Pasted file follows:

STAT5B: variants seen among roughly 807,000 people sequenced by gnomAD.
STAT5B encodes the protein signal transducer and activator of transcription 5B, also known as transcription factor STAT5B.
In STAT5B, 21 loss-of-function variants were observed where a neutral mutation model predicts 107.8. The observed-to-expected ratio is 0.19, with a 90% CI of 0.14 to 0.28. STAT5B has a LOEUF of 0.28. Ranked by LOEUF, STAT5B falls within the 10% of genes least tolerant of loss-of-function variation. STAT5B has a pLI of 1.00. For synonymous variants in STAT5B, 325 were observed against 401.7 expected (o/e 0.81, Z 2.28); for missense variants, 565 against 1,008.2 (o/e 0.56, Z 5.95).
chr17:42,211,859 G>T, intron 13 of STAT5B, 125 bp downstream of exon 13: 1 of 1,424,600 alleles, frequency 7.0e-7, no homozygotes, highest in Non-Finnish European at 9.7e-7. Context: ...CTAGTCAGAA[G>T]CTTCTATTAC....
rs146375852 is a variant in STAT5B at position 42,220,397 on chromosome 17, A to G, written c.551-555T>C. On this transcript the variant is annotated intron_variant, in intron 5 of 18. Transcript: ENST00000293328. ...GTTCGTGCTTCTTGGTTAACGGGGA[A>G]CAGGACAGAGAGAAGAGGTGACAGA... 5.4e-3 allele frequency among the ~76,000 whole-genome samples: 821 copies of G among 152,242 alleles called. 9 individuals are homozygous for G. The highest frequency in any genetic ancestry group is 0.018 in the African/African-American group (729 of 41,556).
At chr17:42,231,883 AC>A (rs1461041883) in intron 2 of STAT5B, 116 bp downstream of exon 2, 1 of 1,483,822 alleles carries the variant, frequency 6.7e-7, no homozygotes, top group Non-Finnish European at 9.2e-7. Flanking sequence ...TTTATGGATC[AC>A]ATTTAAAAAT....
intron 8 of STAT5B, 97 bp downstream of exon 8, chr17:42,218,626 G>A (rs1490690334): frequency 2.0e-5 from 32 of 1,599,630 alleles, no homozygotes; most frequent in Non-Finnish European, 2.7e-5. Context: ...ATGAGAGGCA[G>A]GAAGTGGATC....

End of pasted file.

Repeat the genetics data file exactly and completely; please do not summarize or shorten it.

STAT5B: variants seen among roughly 807,000 people sequenced by gnomAD.
STAT5B encodes the protein signal transducer and activator of transcription 5B, also known as transcription factor STAT5B.
In STAT5B, 21 loss-of-function variants were observed where a neutral mutation model predicts 107.8. The observed-to-expected ratio is 0.19, with a 90% CI of 0.14 to 0.28. STAT5B has a LOEUF of 0.28. Ranked by LOEUF, STAT5B falls within the 10% of genes least tolerant of loss-of-function variation. STAT5B has a pLI of 1.00. For synonymous variants in STAT5B, 325 were observed against 401.7 expected (o/e 0.81, Z 2.28); for missense variants, 565 against 1,008.2 (o/e 0.56, Z 5.95).
chr17:42,211,859 G>T, intron 13 of STAT5B, 125 bp downstream of exon 13: 1 of 1,424,600 alleles, frequency 7.0e-7, no homozygotes, highest in Non-Finnish European at 9.7e-7. Context: ...CTAGTCAGAA[G>T]CTTCTATTAC....
rs146375852 is a variant in STAT5B at position 42,220,397 on chromosome 17, A to G, written c.551-555T>C. On this transcript the variant is annotated intron_variant, in intron 5 of 18. Transcript: ENST00000293328. ...GTTCGTGCTTCTTGGTTAACGGGGA[A>G]CAGGACAGAGAGAAGAGGTGACAGA... 5.4e-3 allele frequency among the ~76,000 whole-genome samples: 821 copies of G among 152,242 alleles called. 9 individuals are homozygous for G. The highest frequency in any genetic ancestry group is 0.018 in the African/African-American group (729 of 41,556).
At chr17:42,231,883 AC>A (rs1461041883) in intron 2 of STAT5B, 116 bp downstream of exon 2, 1 of 1,483,822 alleles carries the variant, frequency 6.7e-7, no homozygotes, top group Non-Finnish European at 9.2e-7. Flanking sequence ...TTTATGGATC[AC>A]ATTTAAAAAT....
intron 8 of STAT5B, 97 bp downstream of exon 8, chr17:42,218,626 G>A (rs1490690334): frequency 2.0e-5 from 32 of 1,599,630 alleles, no homozygotes; most frequent in Non-Finnish European, 2.7e-5. Context: ...ATGAGAGGCA[G>A]GAAGTGGATC....